Catholic Mag Calls for Meaningful Voting Reforms

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October 1, 2012; Source: America

Last week, we took note of a courageous editorial in America, the national Catholic weekly magazine, that drew a comparison between the U.S. attempting to avoid responsiblility for using torture in recent military conflicts and the attempt by some in the Catholic Church to avoid responsibility for failing to stop instances of sexual abuse on the part of priests. America’s editorials seem to aim at pulling no punches, so we also took note of the magazine’s commentary on voter ID laws.

America suggests that the type of voter-impersonation fraud that would be addressed by voter photo ID laws is “virtually nonexistent.” The editors write, “over the past 12 years, Americans have cast hundreds of millions of votes in local, state and national elections. Did you know that in this same time period there have been only 10 alleged cases of in-person voter impersonation?” The 375 instances of alleged election fraud identified by the Republican National Lawyers Association resulted in only 33 convictions or guilty pleas, and none of the cases involved voter impersonation.

America isn’t not blind to problems with our electoral process and offers this one cogent paragraph of needed changes: “Measures are necessary to reduce fraudulent absentee ballots. Polling stations should be carefully monitored so that voters are not unfairly turned away without an opportunity to cast even a provisional ballot. There should be more uniform electoral processes across the 13,000 voting precincts in the United States; Election Day should be a mandatory national holiday to make it easier for people to vote; and there should be a federal constitutional amendment to protect the right to vote for all citizens.”

It is heartening to see such a clear-eyed call for an end to the relentless push for voter ID laws that are all but unnecessary and counterproductive. –Rick Cohen

  • George Hagenauer

    I am the chief election worker at my local Wisconsin town that means I can run the election even if the elected town clerk is not available-basically I have 15 years experience at the polls and take a lot of hours of training each year. I got into it because we I moved from Chicago and invested everything in a new life in Wisconsin- I discovered in the 1990s that Wisconsin at that time had no uniform polling hours. I drove up to the town hall to vote and it was closed! The polls opened late whcih meant that if you worked outside the rural town (zoned totally agricultural with very few businesses bigger than self-employment) you had one shot to vote after work. Whatever the intent was, it kept people with non-rural jobs from voting. The excuse was that no one wanted to get up and work the polls early in the morning. So a few of us volunteered to be trained – the polls opened at 7 am and rather rapidly the election results changed. The state went under a unifrom poll hours law finally a few years later.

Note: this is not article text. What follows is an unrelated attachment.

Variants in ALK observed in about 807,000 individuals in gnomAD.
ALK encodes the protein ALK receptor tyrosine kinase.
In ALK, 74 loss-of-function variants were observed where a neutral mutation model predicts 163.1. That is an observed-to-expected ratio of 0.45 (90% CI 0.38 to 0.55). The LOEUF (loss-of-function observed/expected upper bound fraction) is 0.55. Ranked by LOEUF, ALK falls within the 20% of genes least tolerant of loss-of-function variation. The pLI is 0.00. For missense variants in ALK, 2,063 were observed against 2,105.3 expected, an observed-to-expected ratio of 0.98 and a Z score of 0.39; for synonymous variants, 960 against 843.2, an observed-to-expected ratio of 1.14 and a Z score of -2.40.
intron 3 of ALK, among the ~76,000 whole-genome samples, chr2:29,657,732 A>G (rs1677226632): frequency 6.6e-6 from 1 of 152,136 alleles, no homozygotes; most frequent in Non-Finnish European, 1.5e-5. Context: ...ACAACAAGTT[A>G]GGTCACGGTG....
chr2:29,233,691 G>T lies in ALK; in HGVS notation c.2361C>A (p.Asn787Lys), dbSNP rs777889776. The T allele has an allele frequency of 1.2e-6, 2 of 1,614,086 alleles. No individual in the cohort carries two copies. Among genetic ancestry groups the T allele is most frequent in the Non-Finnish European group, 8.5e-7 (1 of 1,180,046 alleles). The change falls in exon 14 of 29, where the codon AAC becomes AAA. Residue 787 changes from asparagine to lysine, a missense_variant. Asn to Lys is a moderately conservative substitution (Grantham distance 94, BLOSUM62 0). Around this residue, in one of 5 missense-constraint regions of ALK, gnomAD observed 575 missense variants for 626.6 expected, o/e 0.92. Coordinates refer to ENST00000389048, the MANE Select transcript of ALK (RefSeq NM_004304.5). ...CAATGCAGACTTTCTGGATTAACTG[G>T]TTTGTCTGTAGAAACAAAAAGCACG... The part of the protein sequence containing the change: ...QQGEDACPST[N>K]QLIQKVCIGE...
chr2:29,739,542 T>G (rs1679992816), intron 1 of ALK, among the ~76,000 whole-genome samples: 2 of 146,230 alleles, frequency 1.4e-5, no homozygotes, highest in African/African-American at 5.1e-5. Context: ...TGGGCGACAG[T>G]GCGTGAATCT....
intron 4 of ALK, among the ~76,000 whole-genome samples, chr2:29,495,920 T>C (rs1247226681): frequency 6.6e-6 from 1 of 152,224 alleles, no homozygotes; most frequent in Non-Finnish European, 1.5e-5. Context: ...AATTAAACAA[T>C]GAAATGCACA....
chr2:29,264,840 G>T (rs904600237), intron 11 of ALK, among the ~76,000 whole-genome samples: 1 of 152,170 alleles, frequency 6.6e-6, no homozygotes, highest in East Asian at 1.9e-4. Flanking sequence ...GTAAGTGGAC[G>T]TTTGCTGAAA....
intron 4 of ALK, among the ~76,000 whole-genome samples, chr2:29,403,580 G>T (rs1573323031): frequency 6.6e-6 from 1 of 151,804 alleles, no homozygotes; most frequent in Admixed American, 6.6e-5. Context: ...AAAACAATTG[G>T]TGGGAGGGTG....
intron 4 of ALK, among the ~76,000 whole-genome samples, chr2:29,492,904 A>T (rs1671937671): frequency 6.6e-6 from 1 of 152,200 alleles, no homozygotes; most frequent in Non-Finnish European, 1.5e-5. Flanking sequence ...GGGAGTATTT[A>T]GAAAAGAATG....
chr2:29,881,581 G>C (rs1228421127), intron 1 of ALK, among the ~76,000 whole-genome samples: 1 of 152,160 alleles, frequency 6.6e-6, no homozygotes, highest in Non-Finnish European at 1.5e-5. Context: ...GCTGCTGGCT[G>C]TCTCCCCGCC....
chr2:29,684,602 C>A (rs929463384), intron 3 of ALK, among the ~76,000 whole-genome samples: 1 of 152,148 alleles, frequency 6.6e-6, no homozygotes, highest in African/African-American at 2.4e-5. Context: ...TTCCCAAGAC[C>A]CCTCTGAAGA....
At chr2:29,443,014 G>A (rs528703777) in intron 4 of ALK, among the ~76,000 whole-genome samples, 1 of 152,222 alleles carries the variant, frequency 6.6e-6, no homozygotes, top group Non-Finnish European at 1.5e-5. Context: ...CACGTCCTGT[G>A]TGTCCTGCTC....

How the laws are written (and since we are not a nation but a repuiblic they vary widely from state to state with often allowed variances between locales within a state) have a major impact on election results. The new poll laws in WIsconsin with photo ID requirements and other changes are definitely designed just to suppress voting. A very simple example is that you would expect with increased need for voter registration and the need to reduce costs, you would utilize existing trained election workers who want to volunteer to help citizens vote. Under the law not only is your ability to register limited to the local government area where you have trained (in spite of the fact that the process is the same statewide) but you need to go to a special trianing in spite of the fact that most election workers have been trained to register voters on election day. I could not make the training – one I have had any number of times- and thus I can only register at the polls.
    Repressing the vote is UnAmerican. I have voted for both parties at various times of my life. The Republican Party has voter repression laws built into their platform. I will not vote for any candidate that supports that position or plank.

  • rick cohen

    Thanks for the very important perspective. very important.